Herbal Medicine

Herbal medicine

The legislation governing the Herbal medicines area in the EU consists of two sets of legislation: National legislation and Community legislation. In this section relevant Community legislation is referred to: Directive 2001/83/EC on the Community code relating to medicinal products for human use and as amended. Below furthermore some of the other directives which only apply in part are mentioned: 2010/84/EC ( Community code) ,2001/20/EC (GCP), directive 2004/9/EC (GLP) and directive 2004/10/EC (implementation and validation of GLP). Please note that there are quite a number of other regulating laws (directives and regulations) applying in this area.

In the EU herbal medicine is in most ways comparable with normal medicine in terms of requirements to the production facility and the ingredient(s) used etc.

This often leaves one big problem: The API-requirements as listed in the legislation.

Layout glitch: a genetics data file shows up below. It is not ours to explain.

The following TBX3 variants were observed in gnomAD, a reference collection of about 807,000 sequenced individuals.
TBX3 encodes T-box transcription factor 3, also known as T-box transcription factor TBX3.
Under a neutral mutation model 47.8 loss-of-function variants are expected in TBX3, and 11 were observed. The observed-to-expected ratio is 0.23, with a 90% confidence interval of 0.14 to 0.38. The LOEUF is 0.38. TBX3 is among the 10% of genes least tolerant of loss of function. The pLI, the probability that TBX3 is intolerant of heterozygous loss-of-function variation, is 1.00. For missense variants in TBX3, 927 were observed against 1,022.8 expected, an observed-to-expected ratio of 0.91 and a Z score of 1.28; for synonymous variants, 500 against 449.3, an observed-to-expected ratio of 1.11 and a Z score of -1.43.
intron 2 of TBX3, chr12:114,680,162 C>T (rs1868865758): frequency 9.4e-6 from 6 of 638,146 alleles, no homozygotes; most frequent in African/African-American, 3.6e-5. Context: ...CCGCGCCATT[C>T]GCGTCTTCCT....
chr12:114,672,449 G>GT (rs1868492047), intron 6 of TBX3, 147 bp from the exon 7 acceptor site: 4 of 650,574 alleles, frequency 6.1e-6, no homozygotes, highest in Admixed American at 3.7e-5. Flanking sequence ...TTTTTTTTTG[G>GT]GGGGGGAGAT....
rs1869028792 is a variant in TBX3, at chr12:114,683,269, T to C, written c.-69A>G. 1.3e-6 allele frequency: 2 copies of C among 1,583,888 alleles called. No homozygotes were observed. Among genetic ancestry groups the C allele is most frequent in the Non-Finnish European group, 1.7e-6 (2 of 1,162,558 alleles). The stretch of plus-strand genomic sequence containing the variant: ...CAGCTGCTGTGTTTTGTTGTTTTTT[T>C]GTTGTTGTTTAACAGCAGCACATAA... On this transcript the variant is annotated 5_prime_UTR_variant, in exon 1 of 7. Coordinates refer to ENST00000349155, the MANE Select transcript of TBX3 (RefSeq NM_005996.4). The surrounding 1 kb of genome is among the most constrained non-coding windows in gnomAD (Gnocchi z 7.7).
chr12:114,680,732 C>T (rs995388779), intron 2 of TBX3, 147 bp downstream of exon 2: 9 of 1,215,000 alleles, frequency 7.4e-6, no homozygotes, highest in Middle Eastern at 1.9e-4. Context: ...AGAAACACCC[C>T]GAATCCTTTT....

From January 2013, all imported active substances must have been manufactured in compliance with standards of good manufacturing practices (GMP) at least equivalent to the GMP requirements of the EU. The manufacturing standards in the EU for active substances are those of the ‘International Conference for Harmonization’ – ICH Q7.

In July 2013, this compliance must be confirmed in writing by the competent authority of the exporting country. This document must also confirm that the plant where the active substance was manufactured is subject to control and enforcement of good manufacturing practices at least equivalent to that in the EU.

For some herbal ingredients it is very difficult to meet API requirements.

Another approach here could be to look for accept as a “Food for Special Medical Purposes” (FSMP) hyperlink til regulatory affairs advice-> FSMP, where API criteria do not apply instead EU food law is applicable.

Provided the ingredient is non-novel or holds a novel food approval such an ingredient could be a fine candidate for a “FSMP”